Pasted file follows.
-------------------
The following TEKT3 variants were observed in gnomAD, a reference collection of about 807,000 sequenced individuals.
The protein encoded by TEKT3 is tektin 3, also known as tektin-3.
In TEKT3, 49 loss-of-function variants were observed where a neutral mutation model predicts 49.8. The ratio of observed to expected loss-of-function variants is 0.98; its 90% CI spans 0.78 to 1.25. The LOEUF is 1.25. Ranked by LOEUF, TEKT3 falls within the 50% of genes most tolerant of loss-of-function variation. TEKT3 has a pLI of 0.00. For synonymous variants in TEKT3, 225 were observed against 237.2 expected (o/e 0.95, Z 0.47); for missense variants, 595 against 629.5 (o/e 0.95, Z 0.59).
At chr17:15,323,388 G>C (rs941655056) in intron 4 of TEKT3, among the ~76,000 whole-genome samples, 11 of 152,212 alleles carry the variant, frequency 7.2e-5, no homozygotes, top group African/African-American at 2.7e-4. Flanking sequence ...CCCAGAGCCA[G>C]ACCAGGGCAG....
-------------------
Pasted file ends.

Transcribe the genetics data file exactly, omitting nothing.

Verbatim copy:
The following TEKT3 variants were observed in gnomAD, a reference collection of about 807,000 sequenced individuals.
The protein encoded by TEKT3 is tektin 3, also known as tektin-3.
In TEKT3, 49 loss-of-function variants were observed where a neutral mutation model predicts 49.8. The ratio of observed to expected loss-of-function variants is 0.98; its 90% CI spans 0.78 to 1.25. The LOEUF is 1.25. Ranked by LOEUF, TEKT3 falls within the 50% of genes most tolerant of loss-of-function variation. TEKT3 has a pLI of 0.00. For synonymous variants in TEKT3, 225 were observed against 237.2 expected (o/e 0.95, Z 0.47); for missense variants, 595 against 629.5 (o/e 0.95, Z 0.59).
At chr17:15,323,388 G>C (rs941655056) in intron 4 of TEKT3, among the ~76,000 whole-genome samples, 11 of 152,212 alleles carry the variant, frequency 7.2e-5, no homozygotes, top group African/African-American at 2.7e-4. Flanking sequence ...CCCAGAGCCA[G>C]ACCAGGGCAG....